Useful Resource: If you need to thin enamel paint, check out this guide!
Step 7: quick dry enamel paint for wood & Finishing
With the paint in place, patience became my virtue as I allowed the dresser to cure fully. Though, this paint can give a dry feel to your touch but it needs around 3 weeks to become scratch resistant.
This period could span up to 30 days for a complete cure. Deciding not to apply a top coat, I relied on the enamel paint’s inherent protection and its beautifully smooth look.
However, for those who desire added safeguarding, I’d recommend applying Dixie Belle Clear Wax with a brush to the drawer fronts.
After waxing, a simple buffing maneuver left a polished, protective layer that marked the glorious conclusion of my restoration journey.
Step 8: The Grand Reassembly
Once every layer of paint and flawless touch was perfectly dried and cured, it was time for the grand finale; reattaching the carefully preserved hardware to my beautifully restored dresser.
The transformation was awe-inspiring, and I couldn’t be happier with the revived beauty of my once-forgotten furniture piece.
Best Enamel Paint For Furniture
I am fond of using different paints for my DIYs, and I have used different enamel paints for furniture so far. I’d like to share my recommendations for these paints with you other than Majic Satin Enamel Acrylic Paint, as they’ve proven to be a valuable addition to my painting toolkit.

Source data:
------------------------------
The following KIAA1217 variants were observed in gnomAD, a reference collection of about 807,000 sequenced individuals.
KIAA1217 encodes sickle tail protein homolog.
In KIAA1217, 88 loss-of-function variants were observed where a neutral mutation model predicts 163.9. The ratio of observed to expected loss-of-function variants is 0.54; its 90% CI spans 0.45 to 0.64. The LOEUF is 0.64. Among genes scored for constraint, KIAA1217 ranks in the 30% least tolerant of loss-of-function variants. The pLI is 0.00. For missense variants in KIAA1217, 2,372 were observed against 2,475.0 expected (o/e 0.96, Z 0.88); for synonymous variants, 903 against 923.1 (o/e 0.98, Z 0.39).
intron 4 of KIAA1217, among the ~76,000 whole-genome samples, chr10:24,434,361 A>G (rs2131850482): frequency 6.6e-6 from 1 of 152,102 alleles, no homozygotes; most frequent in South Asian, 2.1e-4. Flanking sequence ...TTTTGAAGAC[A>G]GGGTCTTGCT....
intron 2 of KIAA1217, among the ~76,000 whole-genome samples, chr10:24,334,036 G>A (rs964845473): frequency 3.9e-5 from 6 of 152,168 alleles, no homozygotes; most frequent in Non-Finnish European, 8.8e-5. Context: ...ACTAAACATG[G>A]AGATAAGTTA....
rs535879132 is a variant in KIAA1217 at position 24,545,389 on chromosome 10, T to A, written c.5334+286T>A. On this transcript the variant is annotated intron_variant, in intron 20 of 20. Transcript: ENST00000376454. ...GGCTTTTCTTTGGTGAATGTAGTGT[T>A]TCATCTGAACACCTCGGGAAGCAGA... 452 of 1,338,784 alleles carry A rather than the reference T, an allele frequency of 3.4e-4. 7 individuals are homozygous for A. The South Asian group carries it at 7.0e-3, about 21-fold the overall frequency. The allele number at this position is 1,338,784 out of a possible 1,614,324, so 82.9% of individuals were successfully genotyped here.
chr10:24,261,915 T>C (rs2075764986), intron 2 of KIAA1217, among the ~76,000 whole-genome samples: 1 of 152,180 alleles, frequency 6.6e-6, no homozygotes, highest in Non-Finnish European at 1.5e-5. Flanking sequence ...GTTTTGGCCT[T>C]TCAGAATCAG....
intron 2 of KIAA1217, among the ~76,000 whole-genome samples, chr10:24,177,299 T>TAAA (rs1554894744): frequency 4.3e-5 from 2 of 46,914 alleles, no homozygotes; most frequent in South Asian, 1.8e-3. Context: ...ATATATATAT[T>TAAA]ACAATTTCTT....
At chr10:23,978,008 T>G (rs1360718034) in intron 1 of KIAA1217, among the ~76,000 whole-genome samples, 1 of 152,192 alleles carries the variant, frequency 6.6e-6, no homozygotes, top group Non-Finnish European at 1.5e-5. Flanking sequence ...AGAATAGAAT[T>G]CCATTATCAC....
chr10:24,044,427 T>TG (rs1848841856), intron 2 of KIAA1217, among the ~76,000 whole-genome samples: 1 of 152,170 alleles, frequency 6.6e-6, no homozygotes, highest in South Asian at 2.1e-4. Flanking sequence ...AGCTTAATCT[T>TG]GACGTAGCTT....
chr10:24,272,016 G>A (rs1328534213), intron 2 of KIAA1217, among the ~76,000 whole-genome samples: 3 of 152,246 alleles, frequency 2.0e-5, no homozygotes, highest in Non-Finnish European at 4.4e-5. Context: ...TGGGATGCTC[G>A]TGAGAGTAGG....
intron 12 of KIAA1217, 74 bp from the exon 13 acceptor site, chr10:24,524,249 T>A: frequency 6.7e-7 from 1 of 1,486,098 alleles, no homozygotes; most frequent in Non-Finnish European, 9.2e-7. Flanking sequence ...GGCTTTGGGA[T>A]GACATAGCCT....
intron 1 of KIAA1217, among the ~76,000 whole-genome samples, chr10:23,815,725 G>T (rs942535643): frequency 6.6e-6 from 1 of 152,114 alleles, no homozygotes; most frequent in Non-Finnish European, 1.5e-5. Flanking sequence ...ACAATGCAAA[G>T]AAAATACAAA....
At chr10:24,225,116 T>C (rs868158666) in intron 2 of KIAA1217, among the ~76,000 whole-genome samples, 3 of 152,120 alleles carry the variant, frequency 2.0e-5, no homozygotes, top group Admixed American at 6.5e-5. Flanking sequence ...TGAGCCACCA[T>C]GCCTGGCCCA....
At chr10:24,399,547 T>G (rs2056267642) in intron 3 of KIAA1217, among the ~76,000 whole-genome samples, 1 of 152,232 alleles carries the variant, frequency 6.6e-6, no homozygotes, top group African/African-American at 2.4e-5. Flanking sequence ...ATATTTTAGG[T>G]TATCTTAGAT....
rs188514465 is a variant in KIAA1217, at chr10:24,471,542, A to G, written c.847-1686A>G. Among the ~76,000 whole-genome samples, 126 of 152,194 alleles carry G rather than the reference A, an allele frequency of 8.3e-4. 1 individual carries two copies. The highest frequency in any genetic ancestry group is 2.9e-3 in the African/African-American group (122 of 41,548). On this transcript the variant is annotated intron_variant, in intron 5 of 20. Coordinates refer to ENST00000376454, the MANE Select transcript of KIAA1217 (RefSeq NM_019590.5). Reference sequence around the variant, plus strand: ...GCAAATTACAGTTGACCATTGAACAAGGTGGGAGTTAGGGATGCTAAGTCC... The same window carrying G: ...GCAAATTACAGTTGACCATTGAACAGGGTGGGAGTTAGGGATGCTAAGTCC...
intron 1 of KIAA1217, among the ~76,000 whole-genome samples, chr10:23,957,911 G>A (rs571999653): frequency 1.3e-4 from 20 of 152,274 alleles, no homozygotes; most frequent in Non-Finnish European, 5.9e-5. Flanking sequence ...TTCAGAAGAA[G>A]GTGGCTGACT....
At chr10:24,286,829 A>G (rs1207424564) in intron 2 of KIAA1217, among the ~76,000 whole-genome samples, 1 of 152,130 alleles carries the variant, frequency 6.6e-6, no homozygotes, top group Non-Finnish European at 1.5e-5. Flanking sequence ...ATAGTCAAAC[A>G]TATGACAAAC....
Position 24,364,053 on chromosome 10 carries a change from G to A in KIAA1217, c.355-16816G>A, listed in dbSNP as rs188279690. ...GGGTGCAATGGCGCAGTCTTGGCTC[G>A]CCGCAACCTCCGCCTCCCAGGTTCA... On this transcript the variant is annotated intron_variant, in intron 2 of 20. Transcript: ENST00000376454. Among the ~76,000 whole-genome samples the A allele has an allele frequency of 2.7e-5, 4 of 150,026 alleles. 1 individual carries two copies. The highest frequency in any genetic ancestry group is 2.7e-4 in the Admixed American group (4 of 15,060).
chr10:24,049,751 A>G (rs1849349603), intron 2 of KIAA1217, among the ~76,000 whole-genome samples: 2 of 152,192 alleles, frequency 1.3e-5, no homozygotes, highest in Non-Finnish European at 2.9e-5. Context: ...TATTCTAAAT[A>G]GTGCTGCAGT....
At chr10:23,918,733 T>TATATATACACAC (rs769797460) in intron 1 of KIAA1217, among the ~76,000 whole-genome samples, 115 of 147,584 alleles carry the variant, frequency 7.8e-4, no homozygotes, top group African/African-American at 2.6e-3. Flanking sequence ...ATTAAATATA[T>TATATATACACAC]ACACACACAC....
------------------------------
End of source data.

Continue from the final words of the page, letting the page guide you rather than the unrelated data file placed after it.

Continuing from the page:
- Majic Acrylic High Gloss Enamel Paint: This paint features an easy-to-clean and durable glossy finish. It works as the best enamel paint for furniture, metal, wood, brick, and more. You can use it for repurposing interior or exterior projects.
- DecoArt Satin Enamels Paint: It’s a water-based acrylic paint that doesn’t need priming. It adheres well to all furniture surfaces, and dries quickly, providing a durable coating.
- Rust-Oleum Multi-Purpose Enamel Paint: Known for its versatility and long-lasting performance, I found it to be the best paint for cement, tiles, doors, furniture, and other interior and exterior surfaces. It produces smooth outlines when you apply paint with a brush instead of a foam roller. It gives consistent painting results when thinned before applying.
How To Apply Paint Over Enamel Paint Without Sanding?
When you want to paint over an existing enamel paint job without sanding, you can alternatively use Zinsser, B-I-N Shellac Primer. Simply, apply primer to the surface before adding your new paint and it will act as a base coat and help the new paint bond properly.
Remember, simply applying enamel paint on top of an existing surface without preparing it isn’t a recommended approach. So, take the time to sand the surface for the best results in your painting project.